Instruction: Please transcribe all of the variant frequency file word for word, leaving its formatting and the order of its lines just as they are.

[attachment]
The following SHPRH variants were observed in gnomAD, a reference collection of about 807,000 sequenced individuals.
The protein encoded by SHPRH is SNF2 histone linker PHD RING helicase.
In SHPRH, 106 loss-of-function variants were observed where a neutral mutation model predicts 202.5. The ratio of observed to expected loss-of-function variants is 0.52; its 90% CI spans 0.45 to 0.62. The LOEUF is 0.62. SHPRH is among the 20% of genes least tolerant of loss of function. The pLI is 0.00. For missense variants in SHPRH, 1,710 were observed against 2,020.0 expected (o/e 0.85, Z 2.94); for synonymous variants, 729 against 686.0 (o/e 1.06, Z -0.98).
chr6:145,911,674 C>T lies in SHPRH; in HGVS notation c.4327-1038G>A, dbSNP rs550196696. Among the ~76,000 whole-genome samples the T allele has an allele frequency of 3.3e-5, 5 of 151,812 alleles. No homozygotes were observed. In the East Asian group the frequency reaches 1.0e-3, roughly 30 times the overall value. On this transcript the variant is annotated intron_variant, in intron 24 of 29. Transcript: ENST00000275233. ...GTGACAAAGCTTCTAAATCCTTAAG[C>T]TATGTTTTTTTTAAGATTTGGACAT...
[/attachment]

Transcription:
The following SHPRH variants were observed in gnomAD, a reference collection of about 807,000 sequenced individuals.
The protein encoded by SHPRH is SNF2 histone linker PHD RING helicase.
In SHPRH, 106 loss-of-function variants were observed where a neutral mutation model predicts 202.5. The ratio of observed to expected loss-of-function variants is 0.52; its 90% CI spans 0.45 to 0.62. The LOEUF is 0.62. SHPRH is among the 20% of genes least tolerant of loss of function. The pLI is 0.00. For missense variants in SHPRH, 1,710 were observed against 2,020.0 expected (o/e 0.85, Z 2.94); for synonymous variants, 729 against 686.0 (o/e 1.06, Z -0.98).
chr6:145,911,674 C>T lies in SHPRH; in HGVS notation c.4327-1038G>A, dbSNP rs550196696. Among the ~76,000 whole-genome samples the T allele has an allele frequency of 3.3e-5, 5 of 151,812 alleles. No homozygotes were observed. In the East Asian group the frequency reaches 1.0e-3, roughly 30 times the overall value. On this transcript the variant is annotated intron_variant, in intron 24 of 29. Transcript: ENST00000275233. ...GTGACAAAGCTTCTAAATCCTTAAG[C>T]TATGTTTTTTTTAAGATTTGGACAT...